11Make Kraft THE North American Food & Beverage Company Knowledge management plays an important role in supporting Kraft’s mission and key strategiesMake Kraft THE North American Food & Beverage Company
12Assessing Tacit Knowledge Needs Identify Knowledge Fields of InterestCollect Information on CriticalityAnalyze of Each FieldPrioritize Critical Fields for CaptureBased on MASKII a technique developed by the French Atomic Energy Commission by staff at the Universite de Technologie de TroyesStructured approachIdentify most critical fields at riskMatch those fields with an appropriate KRT method- During 2013 we had several requests for KRT to be completed and needed a way of assessing which were the most critical
13Identify Fields of Knowledge for Retention Solicit a list from RDQ&I LeadershipRepresentation from each Business UnitFocus on areas most important to the BusinessEmployees likely to retire in the next 1-3 yearsTechnical areas with uni-personal knowledgeTechnologies that are critical but not formally documentedOur leadership proposed a list of critical areas of knowledge to captureKM Group Role: Prioritize needs against resource availability and available techniques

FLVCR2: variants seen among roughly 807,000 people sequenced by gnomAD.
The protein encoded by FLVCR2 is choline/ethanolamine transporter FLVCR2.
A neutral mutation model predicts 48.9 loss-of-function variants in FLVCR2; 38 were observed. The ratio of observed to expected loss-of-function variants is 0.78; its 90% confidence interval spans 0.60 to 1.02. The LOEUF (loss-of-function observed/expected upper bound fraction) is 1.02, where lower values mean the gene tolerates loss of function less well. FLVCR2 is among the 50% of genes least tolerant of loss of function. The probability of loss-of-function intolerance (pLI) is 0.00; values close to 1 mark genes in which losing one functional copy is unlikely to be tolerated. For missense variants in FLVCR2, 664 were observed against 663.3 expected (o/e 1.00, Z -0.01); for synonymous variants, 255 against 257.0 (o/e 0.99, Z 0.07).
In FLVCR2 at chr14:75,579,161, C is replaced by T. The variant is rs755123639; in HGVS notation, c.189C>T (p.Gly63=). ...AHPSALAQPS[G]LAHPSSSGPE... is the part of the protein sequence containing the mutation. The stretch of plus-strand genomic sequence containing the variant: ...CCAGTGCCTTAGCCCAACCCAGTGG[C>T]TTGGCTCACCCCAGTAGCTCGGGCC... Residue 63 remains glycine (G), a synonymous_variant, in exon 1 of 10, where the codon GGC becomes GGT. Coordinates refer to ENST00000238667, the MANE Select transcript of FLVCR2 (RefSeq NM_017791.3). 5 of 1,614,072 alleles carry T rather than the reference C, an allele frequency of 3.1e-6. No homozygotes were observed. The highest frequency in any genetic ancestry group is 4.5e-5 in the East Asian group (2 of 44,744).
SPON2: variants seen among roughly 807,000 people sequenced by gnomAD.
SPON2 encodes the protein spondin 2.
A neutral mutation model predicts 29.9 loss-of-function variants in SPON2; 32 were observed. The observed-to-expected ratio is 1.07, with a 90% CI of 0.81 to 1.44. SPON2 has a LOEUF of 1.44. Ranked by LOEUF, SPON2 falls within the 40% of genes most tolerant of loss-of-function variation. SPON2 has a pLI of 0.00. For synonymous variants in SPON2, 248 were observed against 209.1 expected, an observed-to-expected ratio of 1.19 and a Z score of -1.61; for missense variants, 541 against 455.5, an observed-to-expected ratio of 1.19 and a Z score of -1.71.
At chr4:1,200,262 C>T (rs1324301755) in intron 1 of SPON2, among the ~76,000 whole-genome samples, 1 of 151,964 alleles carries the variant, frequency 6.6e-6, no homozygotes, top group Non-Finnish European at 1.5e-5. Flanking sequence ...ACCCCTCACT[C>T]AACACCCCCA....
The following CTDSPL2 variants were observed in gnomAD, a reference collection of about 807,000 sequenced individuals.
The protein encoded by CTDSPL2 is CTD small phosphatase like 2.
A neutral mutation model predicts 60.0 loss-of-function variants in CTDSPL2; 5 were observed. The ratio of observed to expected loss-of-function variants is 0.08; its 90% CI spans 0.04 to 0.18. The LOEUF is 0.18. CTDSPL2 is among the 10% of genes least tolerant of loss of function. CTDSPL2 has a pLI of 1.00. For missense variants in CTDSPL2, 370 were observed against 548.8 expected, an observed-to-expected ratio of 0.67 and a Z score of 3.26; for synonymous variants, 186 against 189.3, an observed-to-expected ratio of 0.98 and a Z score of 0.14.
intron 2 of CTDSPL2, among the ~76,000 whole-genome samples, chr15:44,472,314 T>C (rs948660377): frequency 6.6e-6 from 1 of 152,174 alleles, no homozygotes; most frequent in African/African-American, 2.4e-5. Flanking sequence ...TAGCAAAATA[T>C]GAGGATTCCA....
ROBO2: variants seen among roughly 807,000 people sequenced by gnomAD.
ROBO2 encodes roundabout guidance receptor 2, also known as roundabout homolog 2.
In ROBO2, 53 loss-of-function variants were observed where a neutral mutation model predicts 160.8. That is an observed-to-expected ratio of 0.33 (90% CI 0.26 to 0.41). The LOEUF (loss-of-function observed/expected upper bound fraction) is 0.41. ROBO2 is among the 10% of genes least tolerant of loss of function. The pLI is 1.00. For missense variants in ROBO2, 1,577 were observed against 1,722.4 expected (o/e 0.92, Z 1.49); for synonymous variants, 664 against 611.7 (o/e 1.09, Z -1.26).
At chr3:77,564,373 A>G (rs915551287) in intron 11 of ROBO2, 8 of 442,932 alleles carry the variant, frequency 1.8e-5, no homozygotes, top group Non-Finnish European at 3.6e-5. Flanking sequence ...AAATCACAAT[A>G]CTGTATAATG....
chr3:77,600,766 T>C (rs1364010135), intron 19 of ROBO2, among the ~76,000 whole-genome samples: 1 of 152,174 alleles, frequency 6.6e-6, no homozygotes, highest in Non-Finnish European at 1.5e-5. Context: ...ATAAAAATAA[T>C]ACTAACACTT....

14Identify Critical Knowledge RareNumber and availability of knowledge holdersAvailability of knowledge outside KraftAre we a leader in this fieldUsefulAlignment with mission and goalsEmergence of the fieldAdaptability of the fieldDifficult to acquireDifficulty of identifying sources for the knowledgeRole of networksDifficult to applyDepth of the knowledgeHistory of the fieldRole of external factorsEvaluate both present and predicted future criticalityMASK II measures the knowledge against 4 criteria that when taken together can give a measure of the criticality of a knowledge domain. We developed a series of questions against each criteria to assess.
15Interview Process 2 technical experts + 1 manager per knowledge field Scored the knowledge field against the 11 questionsQuestions were not shared prior to the interviewInterviews were less than 30 minutes eachGathered commentaryGives meaning and depth to the scoreUsed to help scope out knowledge captureGathered names of additional people with expertise
16Developed a scorecard to capture the output of the interviews. Commentary was an important piece to help distinguish between close scores.
17Analyze Each Field of Knowledge Field names generalized for confidentiality.Scores were added to give an idea of the rarity, strategic breadth, difficulty of acquiring and difficulty of use of each area.
18Prioritizing Each Field of Knowledge As we were going through this prioritization process, a voluntary early retirement option was offered.Graphing each area showed certain areas bubbled to the top, rarity and strategic breadth were driving criteria for us.